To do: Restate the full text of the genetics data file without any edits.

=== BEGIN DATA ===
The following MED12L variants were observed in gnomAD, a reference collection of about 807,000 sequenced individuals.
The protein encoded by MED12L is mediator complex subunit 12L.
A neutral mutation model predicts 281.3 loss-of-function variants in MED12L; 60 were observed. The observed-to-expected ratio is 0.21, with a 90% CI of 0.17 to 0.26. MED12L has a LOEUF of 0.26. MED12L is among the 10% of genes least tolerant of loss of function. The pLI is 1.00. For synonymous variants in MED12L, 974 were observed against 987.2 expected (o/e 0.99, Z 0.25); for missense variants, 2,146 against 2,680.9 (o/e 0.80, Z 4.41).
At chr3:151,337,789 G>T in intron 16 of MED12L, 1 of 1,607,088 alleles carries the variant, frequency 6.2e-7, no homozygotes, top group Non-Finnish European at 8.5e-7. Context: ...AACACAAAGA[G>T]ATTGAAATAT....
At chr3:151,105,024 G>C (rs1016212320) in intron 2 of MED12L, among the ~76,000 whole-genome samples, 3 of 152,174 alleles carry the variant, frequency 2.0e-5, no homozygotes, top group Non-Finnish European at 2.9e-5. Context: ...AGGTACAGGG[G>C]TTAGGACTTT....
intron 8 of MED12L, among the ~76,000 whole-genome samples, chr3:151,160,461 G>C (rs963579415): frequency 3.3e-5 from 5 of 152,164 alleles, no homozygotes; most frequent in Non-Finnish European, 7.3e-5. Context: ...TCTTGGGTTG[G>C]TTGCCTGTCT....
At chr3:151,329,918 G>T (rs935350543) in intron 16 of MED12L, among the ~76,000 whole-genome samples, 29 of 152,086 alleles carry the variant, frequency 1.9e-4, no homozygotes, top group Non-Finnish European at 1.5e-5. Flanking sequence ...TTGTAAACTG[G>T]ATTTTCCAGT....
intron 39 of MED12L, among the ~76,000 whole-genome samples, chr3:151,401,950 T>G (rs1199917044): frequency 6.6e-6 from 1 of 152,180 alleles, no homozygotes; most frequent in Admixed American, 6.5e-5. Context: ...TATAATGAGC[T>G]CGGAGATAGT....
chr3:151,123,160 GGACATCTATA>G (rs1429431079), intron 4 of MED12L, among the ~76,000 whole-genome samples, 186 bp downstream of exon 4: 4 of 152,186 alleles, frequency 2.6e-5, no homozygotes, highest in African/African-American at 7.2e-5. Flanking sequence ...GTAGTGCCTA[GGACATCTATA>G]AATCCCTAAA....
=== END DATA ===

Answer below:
The following MED12L variants were observed in gnomAD, a reference collection of about 807,000 sequenced individuals.
The protein encoded by MED12L is mediator complex subunit 12L.
A neutral mutation model predicts 281.3 loss-of-function variants in MED12L; 60 were observed. The observed-to-expected ratio is 0.21, with a 90% CI of 0.17 to 0.26. MED12L has a LOEUF of 0.26. MED12L is among the 10% of genes least tolerant of loss of function. The pLI is 1.00. For synonymous variants in MED12L, 974 were observed against 987.2 expected (o/e 0.99, Z 0.25); for missense variants, 2,146 against 2,680.9 (o/e 0.80, Z 4.41).
At chr3:151,337,789 G>T in intron 16 of MED12L, 1 of 1,607,088 alleles carries the variant, frequency 6.2e-7, no homozygotes, top group Non-Finnish European at 8.5e-7. Context: ...AACACAAAGA[G>T]ATTGAAATAT....
At chr3:151,105,024 G>C (rs1016212320) in intron 2 of MED12L, among the ~76,000 whole-genome samples, 3 of 152,174 alleles carry the variant, frequency 2.0e-5, no homozygotes, top group Non-Finnish European at 2.9e-5. Context: ...AGGTACAGGG[G>C]TTAGGACTTT....
intron 8 of MED12L, among the ~76,000 whole-genome samples, chr3:151,160,461 G>C (rs963579415): frequency 3.3e-5 from 5 of 152,164 alleles, no homozygotes; most frequent in Non-Finnish European, 7.3e-5. Context: ...TCTTGGGTTG[G>C]TTGCCTGTCT....
At chr3:151,329,918 G>T (rs935350543) in intron 16 of MED12L, among the ~76,000 whole-genome samples, 29 of 152,086 alleles carry the variant, frequency 1.9e-4, no homozygotes, top group Non-Finnish European at 1.5e-5. Flanking sequence ...TTGTAAACTG[G>T]ATTTTCCAGT....
intron 39 of MED12L, among the ~76,000 whole-genome samples, chr3:151,401,950 T>G (rs1199917044): frequency 6.6e-6 from 1 of 152,180 alleles, no homozygotes; most frequent in Admixed American, 6.5e-5. Context: ...TATAATGAGC[T>G]CGGAGATAGT....
chr3:151,123,160 GGACATCTATA>G (rs1429431079), intron 4 of MED12L, among the ~76,000 whole-genome samples, 186 bp downstream of exon 4: 4 of 152,186 alleles, frequency 2.6e-5, no homozygotes, highest in African/African-American at 7.2e-5. Flanking sequence ...GTAGTGCCTA[GGACATCTATA>G]AATCCCTAAA....